Tennis

Syracuse’s Maria Tritou becomes comfortable with leaving to advance tennis career

Courtesy of SU Athletics

Tritou, like Syracuse, has struggled through the first third of the season. The sophomore is 1-7 in her singles matches.

Maria Tritou’s smile is biggest when talking about her home island of Rhodes, Greece. She reminisces about her childhood, playing tennis and enjoying the Mediterranean shores. The more she talks, the wider the grin.

“It’s always sunny,” Tritou said. “It’s just a beautiful island.”

Then, at 15, Tritou did what so many other amateurs in tennis have done: leave.

She forewent the comfort of home in search of higher levels of coaching and play. Amsterdam became her tennis haven. Like several of her teammates at SU (3-7, 1-3 Atlantic Coast), Tritou springboarded the higher level of tennis into college. Though she has struggled this season like Syracuse as a whole, going 1-7 in singles with her lone win coming in a third-set tiebreak, her teammates appreciate her as a good teammate.

At the Laurense Tennis Academy, she played with some of the best players from across Europe and even received the occasional pep talk from Sven Groeneveld, Maria Sharapova’s personal coach.

“He would say one thing to you, and you would improve your game immediately,” Tritou said. “It was crazy.”

Tritou started her tennis career late, partly because she didn’t start playing until she was about 9 years old, much later than all of her friends, and because the island presented limited competition. In the early stages of her career, her opponents were the same girls from Rhodes she had played against for years.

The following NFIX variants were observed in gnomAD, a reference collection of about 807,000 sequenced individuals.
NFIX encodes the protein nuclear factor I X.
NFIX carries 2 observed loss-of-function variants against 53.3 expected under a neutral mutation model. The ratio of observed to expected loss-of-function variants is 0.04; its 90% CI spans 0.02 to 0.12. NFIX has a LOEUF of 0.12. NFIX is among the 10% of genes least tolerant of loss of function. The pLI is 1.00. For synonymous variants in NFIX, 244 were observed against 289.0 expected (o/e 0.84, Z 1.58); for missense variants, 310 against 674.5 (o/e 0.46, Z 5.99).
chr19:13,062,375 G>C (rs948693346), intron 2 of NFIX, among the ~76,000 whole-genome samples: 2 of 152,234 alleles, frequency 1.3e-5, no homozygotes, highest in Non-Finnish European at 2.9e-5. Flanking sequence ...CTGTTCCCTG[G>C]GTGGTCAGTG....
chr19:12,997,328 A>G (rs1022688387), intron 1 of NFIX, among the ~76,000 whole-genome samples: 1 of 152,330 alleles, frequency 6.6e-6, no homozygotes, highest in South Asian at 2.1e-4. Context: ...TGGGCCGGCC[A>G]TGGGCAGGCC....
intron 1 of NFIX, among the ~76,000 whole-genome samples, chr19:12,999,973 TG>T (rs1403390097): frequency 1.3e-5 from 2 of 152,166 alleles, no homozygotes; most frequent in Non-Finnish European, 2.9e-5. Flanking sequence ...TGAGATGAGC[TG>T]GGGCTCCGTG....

But once she picked up the racket, she didn’t put it down. Soon, she grew into her lanky 6-foot frame and had to search for better competition elsewhere from the island. European tournaments came next and required multiple flights. Eventually, the toll of cost and travel became too much.

If Tritou wanted to keep playing, she needed to be closer to the central European cities where she regularly played. Not seven years after first picking up a racket, tennis brought her to Amsterdam while her father, Konstantinos Tritos, and mother, Tetyana Kirsanova, stayed behind in Rhodes.

“I was 15,” Tritou said. “I still needed my parents, my mom — you know? I was all alone there.”

She struggled to adjust living away from the people who raised her, but with major cities like London, Paris and Berlin only a train ride away, she competed in more tournaments than ever before. Increased exposure brought more attention from colleges in the United States.

An outside recruiting agency first tipped off Syracuse head coach Younes Limam to Tritou. Eventually, after seeing enough live streams and YouTube clips of her, he offered her a scholarship. He had never even seen her play in person.

“Just watched her videos,” Limam said, “and talked to her former coaches and did our homework.”

After touring Syracuse, Tritou liked the campus and academics, but mostly, the chance to be on a team for the first time in her life. She had moved to advance her tennis career before, so joining the Orange seemed like the next step. So, again, she left.

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